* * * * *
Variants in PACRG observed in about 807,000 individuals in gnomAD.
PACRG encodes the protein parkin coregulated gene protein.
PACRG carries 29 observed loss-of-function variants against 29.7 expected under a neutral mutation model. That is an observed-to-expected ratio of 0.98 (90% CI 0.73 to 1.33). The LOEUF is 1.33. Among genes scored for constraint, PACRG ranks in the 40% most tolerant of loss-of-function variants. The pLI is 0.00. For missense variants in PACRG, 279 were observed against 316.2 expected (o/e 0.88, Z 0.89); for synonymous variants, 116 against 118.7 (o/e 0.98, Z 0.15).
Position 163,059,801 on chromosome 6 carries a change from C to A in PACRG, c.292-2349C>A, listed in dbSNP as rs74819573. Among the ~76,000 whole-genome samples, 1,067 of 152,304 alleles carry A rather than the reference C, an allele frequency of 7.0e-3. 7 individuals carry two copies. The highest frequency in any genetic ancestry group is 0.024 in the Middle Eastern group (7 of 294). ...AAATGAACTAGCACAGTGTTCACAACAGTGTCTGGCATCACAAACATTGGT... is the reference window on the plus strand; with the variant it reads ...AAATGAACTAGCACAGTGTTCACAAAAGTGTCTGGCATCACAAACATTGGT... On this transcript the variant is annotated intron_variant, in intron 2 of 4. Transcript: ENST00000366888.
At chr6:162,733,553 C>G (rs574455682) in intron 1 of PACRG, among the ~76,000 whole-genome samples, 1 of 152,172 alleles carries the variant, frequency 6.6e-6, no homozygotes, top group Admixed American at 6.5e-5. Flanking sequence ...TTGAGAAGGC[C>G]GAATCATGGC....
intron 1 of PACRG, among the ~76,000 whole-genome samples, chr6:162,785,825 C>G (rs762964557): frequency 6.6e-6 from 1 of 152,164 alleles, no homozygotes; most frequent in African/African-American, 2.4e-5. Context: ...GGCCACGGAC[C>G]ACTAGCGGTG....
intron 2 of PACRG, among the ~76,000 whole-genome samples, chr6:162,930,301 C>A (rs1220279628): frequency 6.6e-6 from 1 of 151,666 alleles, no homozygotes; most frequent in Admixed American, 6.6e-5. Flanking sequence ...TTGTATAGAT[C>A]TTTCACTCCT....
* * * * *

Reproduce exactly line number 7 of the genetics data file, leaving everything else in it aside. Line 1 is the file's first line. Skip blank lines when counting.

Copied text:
intron 2 of PACRG, among the ~76,000 whole-genome samples, chr6:162,930,301 C>A (rs1220279628): frequency 6.6e-6 from 1 of 151,666 alleles, no homozygotes; most frequent in Admixed American, 6.6e-5. Flanking sequence ...TTGTATAGAT[C>A]TTTCACTCCT....